Sea turtles lay eggs in nests on Florida beaches beginning in the spring and throughout the summer, and now the baby turtles are hatching! The Florida Fish and Wildlife Conservation Commission (FWC) asks the public to help these tiny turtles stay safe with the following tips.
During sea turtle nesting season (March 1-Oct. 31), it is important to keep your distance from sea turtles and their nests on the beach. Sea turtles are protected, so you should allow hatchlings to crawl toward the ocean on their own. Any interference or disturbance, including getting too close, can cause hatchlings to become confused and lose their way. The trek to the water from the nest is part of the process that helps them orient themselves to their surroundings and for females to remember their home beach.
Bright lights from buildings, cellphones, or cameras can cause them to become disoriented, leading the hatchlings to stray away from the shoreline where they need to swim and start their life. If they are unable to reach the ocean quickly, they can become dehydrated and exhausted, making them an easy meal for predators.
“Interfering with a sea turtle hatchling’s trek to the ocean can have fatal consequences,” said FWC sea turtle biologist Dr. Robbin Trindell. “It’s very important to leave them undisturbed. By keeping beaches dark, beachfront buildings dark and giving sea turtles space, we can make sure that our children and grandchildren can also enjoy watching them make this amazing journey.”
Did you know you can make a difference for Florida’s sea turtles? Follow these tips and share them with your community:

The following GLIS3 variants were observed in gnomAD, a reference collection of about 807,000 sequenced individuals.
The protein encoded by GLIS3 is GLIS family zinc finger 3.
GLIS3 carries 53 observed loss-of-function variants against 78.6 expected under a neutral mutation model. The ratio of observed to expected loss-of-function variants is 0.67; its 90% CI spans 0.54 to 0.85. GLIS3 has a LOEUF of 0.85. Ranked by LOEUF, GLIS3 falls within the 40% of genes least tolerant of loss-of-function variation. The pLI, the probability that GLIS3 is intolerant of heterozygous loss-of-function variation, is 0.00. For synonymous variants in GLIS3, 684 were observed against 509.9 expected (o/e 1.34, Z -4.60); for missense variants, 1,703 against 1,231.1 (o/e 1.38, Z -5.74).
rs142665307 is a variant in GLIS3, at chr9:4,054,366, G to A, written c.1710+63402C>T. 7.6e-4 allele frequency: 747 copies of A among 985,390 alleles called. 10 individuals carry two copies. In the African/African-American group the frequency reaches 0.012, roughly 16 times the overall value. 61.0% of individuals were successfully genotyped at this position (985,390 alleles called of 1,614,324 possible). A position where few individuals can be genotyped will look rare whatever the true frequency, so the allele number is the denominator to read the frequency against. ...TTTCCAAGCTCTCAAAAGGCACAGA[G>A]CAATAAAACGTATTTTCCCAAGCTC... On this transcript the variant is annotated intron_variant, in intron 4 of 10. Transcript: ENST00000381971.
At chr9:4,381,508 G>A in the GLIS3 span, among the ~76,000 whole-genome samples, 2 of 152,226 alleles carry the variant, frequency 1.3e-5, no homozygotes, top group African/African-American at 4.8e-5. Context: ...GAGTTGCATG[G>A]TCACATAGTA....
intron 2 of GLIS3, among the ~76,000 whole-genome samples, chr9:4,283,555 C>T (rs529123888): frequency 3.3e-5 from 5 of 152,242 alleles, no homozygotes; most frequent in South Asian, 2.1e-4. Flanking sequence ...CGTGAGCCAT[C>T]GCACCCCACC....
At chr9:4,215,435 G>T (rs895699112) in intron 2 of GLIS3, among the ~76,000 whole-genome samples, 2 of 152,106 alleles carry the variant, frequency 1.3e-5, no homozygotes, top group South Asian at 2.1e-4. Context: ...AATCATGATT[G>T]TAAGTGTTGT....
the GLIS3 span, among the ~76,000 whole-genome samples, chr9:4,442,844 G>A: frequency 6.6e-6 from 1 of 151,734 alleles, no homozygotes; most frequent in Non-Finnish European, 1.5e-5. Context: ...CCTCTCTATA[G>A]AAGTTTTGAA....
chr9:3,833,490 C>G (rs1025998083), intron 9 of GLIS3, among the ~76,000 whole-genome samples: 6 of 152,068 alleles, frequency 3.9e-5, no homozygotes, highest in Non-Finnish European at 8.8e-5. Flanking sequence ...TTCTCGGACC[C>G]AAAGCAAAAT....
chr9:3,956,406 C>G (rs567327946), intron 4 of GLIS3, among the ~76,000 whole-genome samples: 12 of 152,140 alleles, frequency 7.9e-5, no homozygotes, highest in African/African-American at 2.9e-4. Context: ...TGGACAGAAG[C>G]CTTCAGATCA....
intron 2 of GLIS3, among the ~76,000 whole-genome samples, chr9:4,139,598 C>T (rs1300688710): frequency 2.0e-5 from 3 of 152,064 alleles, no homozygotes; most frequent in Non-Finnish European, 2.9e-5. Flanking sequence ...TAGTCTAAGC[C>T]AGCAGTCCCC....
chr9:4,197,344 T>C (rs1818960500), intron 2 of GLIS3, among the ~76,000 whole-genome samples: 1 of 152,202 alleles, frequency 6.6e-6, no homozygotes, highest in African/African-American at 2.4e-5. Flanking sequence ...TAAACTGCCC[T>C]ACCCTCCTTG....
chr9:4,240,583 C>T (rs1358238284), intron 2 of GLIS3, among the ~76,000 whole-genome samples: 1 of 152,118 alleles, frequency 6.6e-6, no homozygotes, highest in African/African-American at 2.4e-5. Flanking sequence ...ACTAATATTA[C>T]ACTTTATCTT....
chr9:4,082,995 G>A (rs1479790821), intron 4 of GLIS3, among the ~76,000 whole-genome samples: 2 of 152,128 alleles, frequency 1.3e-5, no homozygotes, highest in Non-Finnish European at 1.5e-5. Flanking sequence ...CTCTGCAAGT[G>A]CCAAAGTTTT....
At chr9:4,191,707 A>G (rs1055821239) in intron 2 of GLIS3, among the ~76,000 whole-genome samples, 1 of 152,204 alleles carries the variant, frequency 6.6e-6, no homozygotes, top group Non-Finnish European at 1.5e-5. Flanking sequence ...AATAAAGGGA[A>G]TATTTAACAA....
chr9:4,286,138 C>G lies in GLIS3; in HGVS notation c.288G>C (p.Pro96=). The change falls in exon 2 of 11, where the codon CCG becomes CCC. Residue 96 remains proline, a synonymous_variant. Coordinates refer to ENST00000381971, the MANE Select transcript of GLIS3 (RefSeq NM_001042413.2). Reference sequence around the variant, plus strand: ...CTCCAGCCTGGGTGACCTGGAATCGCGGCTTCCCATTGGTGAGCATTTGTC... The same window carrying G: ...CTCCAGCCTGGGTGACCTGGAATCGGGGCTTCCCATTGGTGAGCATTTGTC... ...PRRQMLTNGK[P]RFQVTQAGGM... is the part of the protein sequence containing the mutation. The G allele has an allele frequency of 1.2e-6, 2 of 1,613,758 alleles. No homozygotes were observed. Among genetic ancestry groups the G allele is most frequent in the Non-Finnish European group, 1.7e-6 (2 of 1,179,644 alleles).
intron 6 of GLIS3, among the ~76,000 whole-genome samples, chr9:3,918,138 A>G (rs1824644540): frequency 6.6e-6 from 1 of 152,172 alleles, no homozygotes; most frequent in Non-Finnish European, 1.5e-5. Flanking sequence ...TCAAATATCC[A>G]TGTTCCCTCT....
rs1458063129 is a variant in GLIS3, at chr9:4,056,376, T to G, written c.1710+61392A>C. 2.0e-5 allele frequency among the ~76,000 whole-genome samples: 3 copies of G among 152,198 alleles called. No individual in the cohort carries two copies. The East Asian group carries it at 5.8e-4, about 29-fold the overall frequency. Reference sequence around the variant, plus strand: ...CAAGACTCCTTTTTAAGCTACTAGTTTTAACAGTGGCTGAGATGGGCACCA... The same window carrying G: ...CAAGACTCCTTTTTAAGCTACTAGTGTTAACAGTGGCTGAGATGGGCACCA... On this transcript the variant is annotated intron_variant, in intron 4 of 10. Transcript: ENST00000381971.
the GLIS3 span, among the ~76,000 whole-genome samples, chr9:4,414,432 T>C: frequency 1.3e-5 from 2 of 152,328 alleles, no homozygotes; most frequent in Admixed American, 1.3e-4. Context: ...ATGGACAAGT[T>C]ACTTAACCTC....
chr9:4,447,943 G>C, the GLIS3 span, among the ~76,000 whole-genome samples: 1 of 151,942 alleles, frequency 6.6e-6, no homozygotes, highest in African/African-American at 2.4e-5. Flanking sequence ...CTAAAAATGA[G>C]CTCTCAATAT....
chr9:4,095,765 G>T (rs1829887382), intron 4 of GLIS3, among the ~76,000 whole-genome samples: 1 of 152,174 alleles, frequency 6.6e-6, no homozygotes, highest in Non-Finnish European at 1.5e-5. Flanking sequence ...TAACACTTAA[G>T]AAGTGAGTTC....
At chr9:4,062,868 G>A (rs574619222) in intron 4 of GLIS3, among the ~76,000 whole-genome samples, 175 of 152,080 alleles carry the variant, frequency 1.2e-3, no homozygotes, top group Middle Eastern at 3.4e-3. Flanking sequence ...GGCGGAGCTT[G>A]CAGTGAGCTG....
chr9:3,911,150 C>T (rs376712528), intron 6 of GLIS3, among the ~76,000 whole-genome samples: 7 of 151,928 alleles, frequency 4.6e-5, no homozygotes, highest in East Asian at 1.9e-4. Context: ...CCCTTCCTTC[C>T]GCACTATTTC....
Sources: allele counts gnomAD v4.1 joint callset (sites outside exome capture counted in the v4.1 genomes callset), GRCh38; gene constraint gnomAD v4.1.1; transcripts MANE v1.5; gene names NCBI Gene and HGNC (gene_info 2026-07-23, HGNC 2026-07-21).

Keep beaches dark. After sundown, turn off any lights not necessary for human safety. Use long wavelength amber LED lamps for lights that must stay lit and shield lights, so they are not visible from the beach. Remember to close shades or curtains at night.
No flash photos. On the beach at night, don’t take flash photos or use bright cellphones or flashlights. This can cause turtles to become disoriented and crawl away from the ocean, putting them at risk.
Remember, sea turtles are protected by law. Keep your distance and give sea turtles space if you see one on the beach. Never touch a nesting turtle because it might leave the beach without nesting if disturbed.
Clear the way at the end of the day. Beach furniture, boats, toys, and trash left behind on the sand can become obstacles that block crawling sea turtles. Fill in any holes dug in the sand. Holes can trap turtles and they also pose a safety risk to humans.
Please report sea turtles that are sick, injured, dead, entangled, or are in danger to the FWC’s Wildlife Alert Hotline: 888-404-3922 so trained responders can help.
Learn more about Florida’s sea turtles at MyFWC.com/SeaTurtle. Show your support for sea turtle conservation with a specialty license plate or sea turtle decal. The funds from the sale of these decals and license plates go directly to sea turtle research and conservation.